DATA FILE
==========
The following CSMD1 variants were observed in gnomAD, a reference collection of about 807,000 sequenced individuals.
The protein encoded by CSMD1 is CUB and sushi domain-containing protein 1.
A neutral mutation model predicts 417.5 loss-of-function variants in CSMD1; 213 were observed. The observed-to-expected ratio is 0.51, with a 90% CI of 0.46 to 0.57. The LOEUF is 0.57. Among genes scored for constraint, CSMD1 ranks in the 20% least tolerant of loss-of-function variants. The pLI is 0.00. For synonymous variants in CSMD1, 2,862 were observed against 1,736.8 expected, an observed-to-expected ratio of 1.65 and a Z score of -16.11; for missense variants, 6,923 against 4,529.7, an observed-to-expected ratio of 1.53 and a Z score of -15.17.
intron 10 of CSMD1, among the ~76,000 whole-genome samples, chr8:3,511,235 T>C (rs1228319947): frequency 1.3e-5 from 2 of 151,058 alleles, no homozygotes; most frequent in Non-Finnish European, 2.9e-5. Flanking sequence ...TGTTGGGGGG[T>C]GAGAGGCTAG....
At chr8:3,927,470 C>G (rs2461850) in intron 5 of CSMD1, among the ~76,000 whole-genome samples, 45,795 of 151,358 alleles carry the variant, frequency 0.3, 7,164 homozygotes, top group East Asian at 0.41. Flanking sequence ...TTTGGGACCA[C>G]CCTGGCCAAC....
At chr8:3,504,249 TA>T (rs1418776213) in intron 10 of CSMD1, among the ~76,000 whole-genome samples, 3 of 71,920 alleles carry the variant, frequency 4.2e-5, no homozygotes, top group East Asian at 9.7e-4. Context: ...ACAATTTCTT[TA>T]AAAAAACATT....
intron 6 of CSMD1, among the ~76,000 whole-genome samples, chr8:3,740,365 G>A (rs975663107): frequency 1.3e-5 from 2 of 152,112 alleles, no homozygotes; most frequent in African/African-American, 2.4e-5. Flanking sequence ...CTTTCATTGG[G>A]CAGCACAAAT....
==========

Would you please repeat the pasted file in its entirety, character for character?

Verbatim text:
The following CSMD1 variants were observed in gnomAD, a reference collection of about 807,000 sequenced individuals.
The protein encoded by CSMD1 is CUB and sushi domain-containing protein 1.
A neutral mutation model predicts 417.5 loss-of-function variants in CSMD1; 213 were observed. The observed-to-expected ratio is 0.51, with a 90% CI of 0.46 to 0.57. The LOEUF is 0.57. Among genes scored for constraint, CSMD1 ranks in the 20% least tolerant of loss-of-function variants. The pLI is 0.00. For synonymous variants in CSMD1, 2,862 were observed against 1,736.8 expected, an observed-to-expected ratio of 1.65 and a Z score of -16.11; for missense variants, 6,923 against 4,529.7, an observed-to-expected ratio of 1.53 and a Z score of -15.17.
intron 10 of CSMD1, among the ~76,000 whole-genome samples, chr8:3,511,235 T>C (rs1228319947): frequency 1.3e-5 from 2 of 151,058 alleles, no homozygotes; most frequent in Non-Finnish European, 2.9e-5. Flanking sequence ...TGTTGGGGGG[T>C]GAGAGGCTAG....
At chr8:3,927,470 C>G (rs2461850) in intron 5 of CSMD1, among the ~76,000 whole-genome samples, 45,795 of 151,358 alleles carry the variant, frequency 0.3, 7,164 homozygotes, top group East Asian at 0.41. Flanking sequence ...TTTGGGACCA[C>G]CCTGGCCAAC....
At chr8:3,504,249 TA>T (rs1418776213) in intron 10 of CSMD1, among the ~76,000 whole-genome samples, 3 of 71,920 alleles carry the variant, frequency 4.2e-5, no homozygotes, top group East Asian at 9.7e-4. Context: ...ACAATTTCTT[TA>T]AAAAAACATT....
intron 6 of CSMD1, among the ~76,000 whole-genome samples, chr8:3,740,365 G>A (rs975663107): frequency 1.3e-5 from 2 of 152,112 alleles, no homozygotes; most frequent in African/African-American, 2.4e-5. Flanking sequence ...CTTTCATTGG[G>A]CAGCACAAAT....